Istanbul: Turkey wants to boost its tourism revenue to prepandemic levels this year and revive a crisis-hit economy after a currency crash wiped half the value of the lira.
That's easier said than done, because Turkey relies heavily on Russian energy, trade and tourism. In 2019, trade volume between the two countries reached $26.3 billion (€25.07 billion), while Russia is also one of the leading energy suppliers for Turkey.
NATO member Turkey opposes Western sanctions on Russia on principle and has not joined them. It wants to maintain good relations with both Russia and Ukraine amid a deepening economic crisis at home with inflation hitting a 20-year high via rising energy and grain costs.
That's why tourism revenues are seen as vital to reducing the gaping current account deficit, but restrictions on card payments and flight operations due to the sanctions have triggered fears of a slump in Russian tourism to Turkey. However, Turkey might have found a solution.
Russians can pay with Mir cards
US card giants Mastercard and Visa have suspended their Russian operations as part of the US sanctions meant to punish President Vladimir Putin. But Turkey has a formula to allow Russian tourists to travel to Turkey, bypassing the suspension of Visa and Mastercard: Russians in Turkey are able access to their funds through Russia's homegrown payments system Mir.
Russia created Mir (Russian for "peace" or "world") in 2014 over fears that Western sanctions against Russian banks and business people over the annexation of Crimea could block transactions made with Mastercard and Visa. Mir was later introduced to some foreign countries where Russians travel and live.
The Mir cards, used for bank transfers, are accepted throughout the Russian Federation and in 12 other countries, including Armenia, Kyrgystan, Kazakhstan, Belarus, Vietnam and Cyprus, according to the Bank of Russia. As of the end of 2021, the number of issued Mir cards totaled 113.6 million.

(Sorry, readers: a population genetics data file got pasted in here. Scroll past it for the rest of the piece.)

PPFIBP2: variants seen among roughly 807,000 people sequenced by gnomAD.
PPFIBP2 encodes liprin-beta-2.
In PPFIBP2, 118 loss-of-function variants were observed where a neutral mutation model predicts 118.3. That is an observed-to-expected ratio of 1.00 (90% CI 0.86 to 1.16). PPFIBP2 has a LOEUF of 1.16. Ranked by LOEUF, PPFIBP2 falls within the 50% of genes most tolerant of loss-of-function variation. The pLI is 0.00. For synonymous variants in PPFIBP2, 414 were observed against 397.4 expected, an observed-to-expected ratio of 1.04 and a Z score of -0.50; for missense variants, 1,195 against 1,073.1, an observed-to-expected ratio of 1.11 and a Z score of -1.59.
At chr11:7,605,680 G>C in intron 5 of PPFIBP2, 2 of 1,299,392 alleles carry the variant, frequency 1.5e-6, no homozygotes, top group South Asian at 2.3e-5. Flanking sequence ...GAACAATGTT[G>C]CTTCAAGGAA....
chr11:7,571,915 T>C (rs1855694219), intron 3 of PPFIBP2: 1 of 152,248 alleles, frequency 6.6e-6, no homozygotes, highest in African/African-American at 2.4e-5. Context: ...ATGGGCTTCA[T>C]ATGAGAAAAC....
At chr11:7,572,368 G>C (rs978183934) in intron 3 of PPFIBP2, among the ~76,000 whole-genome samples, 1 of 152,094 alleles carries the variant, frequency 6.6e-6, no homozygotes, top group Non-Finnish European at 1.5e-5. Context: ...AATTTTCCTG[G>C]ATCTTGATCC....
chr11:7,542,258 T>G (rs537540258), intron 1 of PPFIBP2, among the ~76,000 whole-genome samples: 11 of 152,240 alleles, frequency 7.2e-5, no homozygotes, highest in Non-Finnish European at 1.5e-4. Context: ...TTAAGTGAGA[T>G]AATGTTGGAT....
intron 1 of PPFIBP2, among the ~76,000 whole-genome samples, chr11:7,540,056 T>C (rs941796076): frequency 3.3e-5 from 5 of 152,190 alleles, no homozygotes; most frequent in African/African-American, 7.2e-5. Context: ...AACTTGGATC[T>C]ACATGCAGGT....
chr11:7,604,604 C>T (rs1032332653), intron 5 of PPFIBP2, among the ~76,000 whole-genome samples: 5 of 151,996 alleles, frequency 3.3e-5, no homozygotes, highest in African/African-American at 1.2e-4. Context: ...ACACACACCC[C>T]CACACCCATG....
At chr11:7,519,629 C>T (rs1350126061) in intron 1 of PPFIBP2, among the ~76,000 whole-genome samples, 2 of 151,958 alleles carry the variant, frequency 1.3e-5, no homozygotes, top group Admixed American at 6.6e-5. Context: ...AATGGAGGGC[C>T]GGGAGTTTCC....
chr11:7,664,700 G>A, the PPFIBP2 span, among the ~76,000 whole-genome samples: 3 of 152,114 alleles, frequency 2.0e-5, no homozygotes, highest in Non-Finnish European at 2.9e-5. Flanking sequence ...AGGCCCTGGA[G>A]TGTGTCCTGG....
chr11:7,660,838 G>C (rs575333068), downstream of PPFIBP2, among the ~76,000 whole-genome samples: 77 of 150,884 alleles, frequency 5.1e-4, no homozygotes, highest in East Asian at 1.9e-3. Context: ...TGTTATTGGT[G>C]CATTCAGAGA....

Payments using Mir cards in Turkey are currently accepted by Isbank, Ziraat Bankasi, and VakifBank. Isbank started accepting Mir cards in 2019, citing trade relations between both countries.
Turkish Treasury and Finance Minister Nureddin Nebati said that the Mir card usage rate in Turkey is currently at around 15%. Banks are working to increase it, ignoring Ukrainian central bank's call to countries including Turkey last month to suspend all transactions with cards of Russia's Mir payments system.
Currently, other than Mir cards and cash, Russians in Turkey have no other payment options due to the Western sanctions. There have been media reports that Turkish banks have been cautious about opening bank accounts for newly arrived Russians in Turkey for fear of contravening the sanctions. Since the war began on Feb. 24, thousands of Russians have arrived in Turkey, seeing it as a safe haven from the sanctions.
Turkey's attempts could be interpreted as circumventing sanctions against Russia, some experts warn.
Turkey, which shares a Black Sea coast with both Russia and Ukraine, has "complicated" political and economic relations with both Russia and Ukraine, Istanbul-based economist Güldem Atabay told DW, adding that "Just as Germany cannot impose an energy embargo, Turkey's stance about Russia is understandable that it is trying to protect itself."
However, she warns that Turkey must be careful with its approach.
"If there are efforts to buy energy from Russia and sell it to the West, then Turkey's stance will go from right to wrong. Considering that we are a country where the potential of such initiatives is high, if we start to hear about oil products being bought and processed here, and sold to the West, it could be a problem, if it becomes a tool for Russia to evade the Western embargo." The US prosecution of Turkish state lender Halkbank, which is accused of having helped Iran evade US sanctions, is a case in point, said Atabay.
London-based BlueBay Asset Management strategist Timothy Ash is also critical of Turkey's approach on sanctions against Russia, warning on Twitter that Turkey was treading a fine line.
The Turkish government was hoping for a post-COVID-19 rebound this year, targeting prepandemic tourism revenues of $35 billion.
However, Turkey will not be able to reach this goal, according to Atabay. She says Russia's economy is expected to contract by 10% this year. "Their currency has lost value, inflation has risen. Therefore, the purchasing power of Russian tourists and Russian people has decreased. Some Russian citizens will also give up on vacation," she said.
Some 4.7 million Russian tourists, out of a total of 24.7 million foreign tourists, visited Turkey last year, accounting for 19% of the total tourist arrivals, followed by Germany with 12.5% and Ukraine with 8.3%, according to figures from the Ministry of Tourism.